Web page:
The Maritime History of the Great Lakes
Bryn Mawr (Barge), C172359, sunk as breakwall, 1 Nov 1968

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An era in Great Lakes shipping history ended recently and a monument was erected to its memory, when three 70-year-old cargo barges were sunk to form a 1,200-foot breakwall extension at Ontario Hydro's 2,400,000-kilowatt Lakeview power station on the western outskirts of Metro Toronto.
      The JOHN FRITZ, BRYN Barge, and JOHN A. ROEBLING carried iron ore until 1946, grain until 1960, and have been used as floating grain elevators in Goderich harbor for the past six years.
      With no means of propulsion these vessels were towed by other ships. The combination was slow, difficult to handle in locks, and in storms was downright unmanageable. In the early days broken tow lines often left the barges wallowing helplessly at the mercy of the wind and waves.
      "One fuel bill, two cargoes" was the idea that fostered their construction. But total cargo, for ship and barges averaged only 10,000 tons -- now single bulk carriers handle up to 50,000 tons without the barge's shortcomings. Thus Great Lake barges have gone the way of sailing ships, stonehookers, and excursion steamers to Port Daihousie.
      This somewhat novel construction method which in fact uses the ships' hulls instead of sheet piling is reminiscent of the "Mulberry Harbors" of World War II. The method was chosen because it is economical and fast and permitted completion of the job before winter.
      Last year, a combination of easterly winds and low temperatures created severe ice problems at Lakeview causing the station to be shut down on a number of occasions. The extension is intended to eliminate this problem.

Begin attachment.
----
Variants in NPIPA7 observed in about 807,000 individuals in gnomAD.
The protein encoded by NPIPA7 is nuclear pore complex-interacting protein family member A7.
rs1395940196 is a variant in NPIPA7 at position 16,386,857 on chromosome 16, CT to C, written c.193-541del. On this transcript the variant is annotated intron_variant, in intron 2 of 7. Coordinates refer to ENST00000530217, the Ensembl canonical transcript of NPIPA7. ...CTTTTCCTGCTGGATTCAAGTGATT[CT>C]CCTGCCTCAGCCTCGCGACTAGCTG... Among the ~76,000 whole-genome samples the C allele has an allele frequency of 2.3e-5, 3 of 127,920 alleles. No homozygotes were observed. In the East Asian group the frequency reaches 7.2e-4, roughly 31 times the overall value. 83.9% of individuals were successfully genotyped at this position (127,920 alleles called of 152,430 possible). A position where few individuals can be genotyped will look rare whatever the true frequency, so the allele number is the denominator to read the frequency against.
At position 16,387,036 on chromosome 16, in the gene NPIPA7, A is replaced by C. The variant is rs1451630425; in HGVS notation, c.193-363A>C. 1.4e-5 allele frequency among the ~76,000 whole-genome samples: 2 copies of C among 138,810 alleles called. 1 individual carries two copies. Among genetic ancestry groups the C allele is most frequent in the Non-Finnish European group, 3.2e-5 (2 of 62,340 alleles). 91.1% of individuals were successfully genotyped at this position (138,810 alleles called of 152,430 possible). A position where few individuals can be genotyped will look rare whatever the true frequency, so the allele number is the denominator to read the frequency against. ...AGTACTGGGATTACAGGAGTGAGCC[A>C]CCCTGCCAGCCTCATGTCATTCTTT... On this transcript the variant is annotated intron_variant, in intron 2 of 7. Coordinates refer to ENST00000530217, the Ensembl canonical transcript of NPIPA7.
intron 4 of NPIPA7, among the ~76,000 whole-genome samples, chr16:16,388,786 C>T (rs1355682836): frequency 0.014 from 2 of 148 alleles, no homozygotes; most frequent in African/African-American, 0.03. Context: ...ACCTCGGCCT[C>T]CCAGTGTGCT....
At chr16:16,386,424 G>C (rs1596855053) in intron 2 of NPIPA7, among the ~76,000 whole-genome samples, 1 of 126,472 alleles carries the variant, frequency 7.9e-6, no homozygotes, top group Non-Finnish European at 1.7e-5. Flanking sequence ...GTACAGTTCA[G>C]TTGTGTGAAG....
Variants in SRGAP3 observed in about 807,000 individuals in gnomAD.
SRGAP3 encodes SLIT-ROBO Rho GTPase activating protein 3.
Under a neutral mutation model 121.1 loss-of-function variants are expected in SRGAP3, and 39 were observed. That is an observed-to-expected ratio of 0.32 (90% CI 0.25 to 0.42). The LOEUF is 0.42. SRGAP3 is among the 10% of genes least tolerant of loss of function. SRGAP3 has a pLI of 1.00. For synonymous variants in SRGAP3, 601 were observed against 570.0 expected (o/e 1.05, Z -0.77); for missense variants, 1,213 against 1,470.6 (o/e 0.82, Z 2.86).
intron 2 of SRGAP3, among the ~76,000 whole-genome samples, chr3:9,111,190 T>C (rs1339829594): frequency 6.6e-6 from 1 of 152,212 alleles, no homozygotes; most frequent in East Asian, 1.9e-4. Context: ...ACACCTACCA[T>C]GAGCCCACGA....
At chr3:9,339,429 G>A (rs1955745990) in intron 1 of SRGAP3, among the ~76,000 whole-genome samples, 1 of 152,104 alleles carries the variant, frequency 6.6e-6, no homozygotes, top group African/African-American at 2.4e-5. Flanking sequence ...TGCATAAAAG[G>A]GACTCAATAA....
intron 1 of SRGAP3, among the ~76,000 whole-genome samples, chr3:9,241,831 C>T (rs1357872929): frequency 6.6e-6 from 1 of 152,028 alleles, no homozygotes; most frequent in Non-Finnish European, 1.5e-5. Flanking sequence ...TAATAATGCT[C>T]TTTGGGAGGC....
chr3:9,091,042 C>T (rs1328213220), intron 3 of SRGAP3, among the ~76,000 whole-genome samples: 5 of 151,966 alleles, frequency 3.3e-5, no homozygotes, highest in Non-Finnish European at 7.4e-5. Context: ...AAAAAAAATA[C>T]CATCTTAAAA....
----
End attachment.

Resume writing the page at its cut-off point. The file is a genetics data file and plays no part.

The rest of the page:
Two of the barges, the 415-foot BRYN hand the 450-foot ROEBLING are sunk in a line parrallel to the existing dock. The stern of the ROEBLING is notched to receive the bow of the BRYN. The FRITZ is outside of the other two and overlaps the ROEBLING about 135 feet, making up the required 1,200-footlength.
      The barges' superstructures were removed in Hamilton before they were towed to the site. Each hull was loaded with stone at LakeView until it cleared the bottom by a couple of feet. Then they were moved, one at a time, into position and gently sunk stern first by opening the sea cocks. Trenches were dredged in the desired location to prepare a final resting place for the gallant work horses of the Great Lakes fleet.
      Toronto Telegram
      November 15, 1968

BRYN MAWR.* Built June 12, 1900 Barge - Steel
U.S. No. 3845 4294 gt - 3853 nt 400' x 50.2' x 23.9'
      * Renamed [b] BRYN BARGE - Canada - 1940 [C 172359]
      Scuttled as breakwall foundation, 10 miles west of Toronto, Ont., in fall, 1968.
      Chicago Steam Boat Co., Shipbuilding Master List
      Institute for Great Lakes research
      Perrysburg, Ohio

Schooner barge BRYN MAWR. U.S. No. 3845. Of 3,854 gross tons; 3,412 tons net. Built at Chicago, Ill., in 1900. Home port, Duluth, Minn. 400.0 x 50.2 x 23.9 Freight service. Crew of 9. Steel built. Owned by Pittsburg Steamship Co. [W. Va.]
      Merchant Vessel List, U.S., 1931 [Sailing vessels]

Media Type:
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Reason: sunk as breakwall
Lives: nil
Remarks: Total loss
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Geographic Coverage:
  • Ontario, Canada
    Latitude: 43.634444 Longitude: -79.370833
William R. McNeil
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Bryn Mawr (Barge), C172359, sunk as breakwall, 1 Nov 1968